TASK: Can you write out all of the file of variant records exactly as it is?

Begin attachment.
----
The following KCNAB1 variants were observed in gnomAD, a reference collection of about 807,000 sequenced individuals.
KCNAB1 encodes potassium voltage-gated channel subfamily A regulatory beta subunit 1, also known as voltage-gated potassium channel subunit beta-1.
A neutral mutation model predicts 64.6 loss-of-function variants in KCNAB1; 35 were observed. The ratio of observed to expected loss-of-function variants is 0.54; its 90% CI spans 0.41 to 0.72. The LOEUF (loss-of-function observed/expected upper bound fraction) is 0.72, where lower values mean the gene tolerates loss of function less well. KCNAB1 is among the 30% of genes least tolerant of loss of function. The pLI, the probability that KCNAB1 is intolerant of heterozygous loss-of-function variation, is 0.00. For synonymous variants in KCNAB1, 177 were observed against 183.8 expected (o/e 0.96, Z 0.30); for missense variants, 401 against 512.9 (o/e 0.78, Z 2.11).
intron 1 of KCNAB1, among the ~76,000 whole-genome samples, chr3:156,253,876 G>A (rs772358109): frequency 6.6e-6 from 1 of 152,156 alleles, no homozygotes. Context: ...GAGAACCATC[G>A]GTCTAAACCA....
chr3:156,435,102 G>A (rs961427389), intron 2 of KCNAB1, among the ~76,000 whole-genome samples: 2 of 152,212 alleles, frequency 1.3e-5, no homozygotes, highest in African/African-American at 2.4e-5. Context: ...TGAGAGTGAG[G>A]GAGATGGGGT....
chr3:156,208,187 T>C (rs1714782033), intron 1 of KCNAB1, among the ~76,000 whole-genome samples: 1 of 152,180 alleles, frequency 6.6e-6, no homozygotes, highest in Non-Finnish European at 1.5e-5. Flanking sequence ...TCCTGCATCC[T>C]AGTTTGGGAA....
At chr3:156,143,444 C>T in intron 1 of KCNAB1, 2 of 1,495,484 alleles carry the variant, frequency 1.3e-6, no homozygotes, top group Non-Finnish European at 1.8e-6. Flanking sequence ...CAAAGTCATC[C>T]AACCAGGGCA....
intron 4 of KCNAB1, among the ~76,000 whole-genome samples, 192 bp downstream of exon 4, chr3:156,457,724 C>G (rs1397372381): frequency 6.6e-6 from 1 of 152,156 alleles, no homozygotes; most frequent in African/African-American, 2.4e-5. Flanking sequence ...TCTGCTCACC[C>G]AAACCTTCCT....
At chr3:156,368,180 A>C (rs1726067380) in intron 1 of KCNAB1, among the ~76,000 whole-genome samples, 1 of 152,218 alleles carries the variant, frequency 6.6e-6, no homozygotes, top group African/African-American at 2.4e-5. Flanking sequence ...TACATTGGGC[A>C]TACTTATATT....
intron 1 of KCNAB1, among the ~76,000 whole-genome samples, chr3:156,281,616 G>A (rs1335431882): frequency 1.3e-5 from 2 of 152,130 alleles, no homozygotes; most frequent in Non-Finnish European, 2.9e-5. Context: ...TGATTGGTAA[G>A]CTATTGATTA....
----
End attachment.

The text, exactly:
The following KCNAB1 variants were observed in gnomAD, a reference collection of about 807,000 sequenced individuals.
KCNAB1 encodes potassium voltage-gated channel subfamily A regulatory beta subunit 1, also known as voltage-gated potassium channel subunit beta-1.
A neutral mutation model predicts 64.6 loss-of-function variants in KCNAB1; 35 were observed. The ratio of observed to expected loss-of-function variants is 0.54; its 90% CI spans 0.41 to 0.72. The LOEUF (loss-of-function observed/expected upper bound fraction) is 0.72, where lower values mean the gene tolerates loss of function less well. KCNAB1 is among the 30% of genes least tolerant of loss of function. The pLI, the probability that KCNAB1 is intolerant of heterozygous loss-of-function variation, is 0.00. For synonymous variants in KCNAB1, 177 were observed against 183.8 expected (o/e 0.96, Z 0.30); for missense variants, 401 against 512.9 (o/e 0.78, Z 2.11).
intron 1 of KCNAB1, among the ~76,000 whole-genome samples, chr3:156,253,876 G>A (rs772358109): frequency 6.6e-6 from 1 of 152,156 alleles, no homozygotes. Context: ...GAGAACCATC[G>A]GTCTAAACCA....
chr3:156,435,102 G>A (rs961427389), intron 2 of KCNAB1, among the ~76,000 whole-genome samples: 2 of 152,212 alleles, frequency 1.3e-5, no homozygotes, highest in African/African-American at 2.4e-5. Context: ...TGAGAGTGAG[G>A]GAGATGGGGT....
chr3:156,208,187 T>C (rs1714782033), intron 1 of KCNAB1, among the ~76,000 whole-genome samples: 1 of 152,180 alleles, frequency 6.6e-6, no homozygotes, highest in Non-Finnish European at 1.5e-5. Flanking sequence ...TCCTGCATCC[T>C]AGTTTGGGAA....
At chr3:156,143,444 C>T in intron 1 of KCNAB1, 2 of 1,495,484 alleles carry the variant, frequency 1.3e-6, no homozygotes, top group Non-Finnish European at 1.8e-6. Flanking sequence ...CAAAGTCATC[C>T]AACCAGGGCA....
intron 4 of KCNAB1, among the ~76,000 whole-genome samples, 192 bp downstream of exon 4, chr3:156,457,724 C>G (rs1397372381): frequency 6.6e-6 from 1 of 152,156 alleles, no homozygotes; most frequent in African/African-American, 2.4e-5. Flanking sequence ...TCTGCTCACC[C>G]AAACCTTCCT....
At chr3:156,368,180 A>C (rs1726067380) in intron 1 of KCNAB1, among the ~76,000 whole-genome samples, 1 of 152,218 alleles carries the variant, frequency 6.6e-6, no homozygotes, top group African/African-American at 2.4e-5. Flanking sequence ...TACATTGGGC[A>C]TACTTATATT....
intron 1 of KCNAB1, among the ~76,000 whole-genome samples, chr3:156,281,616 G>A (rs1335431882): frequency 1.3e-5 from 2 of 152,130 alleles, no homozygotes; most frequent in Non-Finnish European, 2.9e-5. Context: ...TGATTGGTAA[G>A]CTATTGATTA....